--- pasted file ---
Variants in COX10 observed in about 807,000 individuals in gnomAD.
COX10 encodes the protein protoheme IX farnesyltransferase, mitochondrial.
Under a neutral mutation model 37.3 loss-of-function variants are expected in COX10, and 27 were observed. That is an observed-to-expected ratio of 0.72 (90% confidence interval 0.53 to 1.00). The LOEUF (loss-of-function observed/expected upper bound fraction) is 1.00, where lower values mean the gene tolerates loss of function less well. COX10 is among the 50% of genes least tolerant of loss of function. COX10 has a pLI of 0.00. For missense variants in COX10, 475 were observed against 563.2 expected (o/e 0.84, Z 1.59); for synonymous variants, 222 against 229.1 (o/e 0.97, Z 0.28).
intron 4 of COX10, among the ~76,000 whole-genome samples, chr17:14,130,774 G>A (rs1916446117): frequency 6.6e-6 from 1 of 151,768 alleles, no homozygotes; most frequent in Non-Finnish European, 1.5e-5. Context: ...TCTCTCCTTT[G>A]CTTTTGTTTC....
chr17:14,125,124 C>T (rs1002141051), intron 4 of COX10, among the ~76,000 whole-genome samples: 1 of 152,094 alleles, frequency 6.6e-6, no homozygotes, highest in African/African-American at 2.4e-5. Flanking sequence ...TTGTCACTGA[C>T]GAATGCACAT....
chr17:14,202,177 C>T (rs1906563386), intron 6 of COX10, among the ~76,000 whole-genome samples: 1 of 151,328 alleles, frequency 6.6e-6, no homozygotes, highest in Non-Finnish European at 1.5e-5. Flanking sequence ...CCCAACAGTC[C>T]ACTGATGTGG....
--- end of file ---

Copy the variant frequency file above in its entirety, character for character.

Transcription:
Variants in COX10 observed in about 807,000 individuals in gnomAD.
COX10 encodes the protein protoheme IX farnesyltransferase, mitochondrial.
Under a neutral mutation model 37.3 loss-of-function variants are expected in COX10, and 27 were observed. That is an observed-to-expected ratio of 0.72 (90% confidence interval 0.53 to 1.00). The LOEUF (loss-of-function observed/expected upper bound fraction) is 1.00, where lower values mean the gene tolerates loss of function less well. COX10 is among the 50% of genes least tolerant of loss of function. COX10 has a pLI of 0.00. For missense variants in COX10, 475 were observed against 563.2 expected (o/e 0.84, Z 1.59); for synonymous variants, 222 against 229.1 (o/e 0.97, Z 0.28).
intron 4 of COX10, among the ~76,000 whole-genome samples, chr17:14,130,774 G>A (rs1916446117): frequency 6.6e-6 from 1 of 151,768 alleles, no homozygotes; most frequent in Non-Finnish European, 1.5e-5. Context: ...TCTCTCCTTT[G>A]CTTTTGTTTC....
chr17:14,125,124 C>T (rs1002141051), intron 4 of COX10, among the ~76,000 whole-genome samples: 1 of 152,094 alleles, frequency 6.6e-6, no homozygotes, highest in African/African-American at 2.4e-5. Flanking sequence ...TTGTCACTGA[C>T]GAATGCACAT....
chr17:14,202,177 C>T (rs1906563386), intron 6 of COX10, among the ~76,000 whole-genome samples: 1 of 151,328 alleles, frequency 6.6e-6, no homozygotes, highest in Non-Finnish European at 1.5e-5. Flanking sequence ...CCCAACAGTC[C>T]ACTGATGTGG....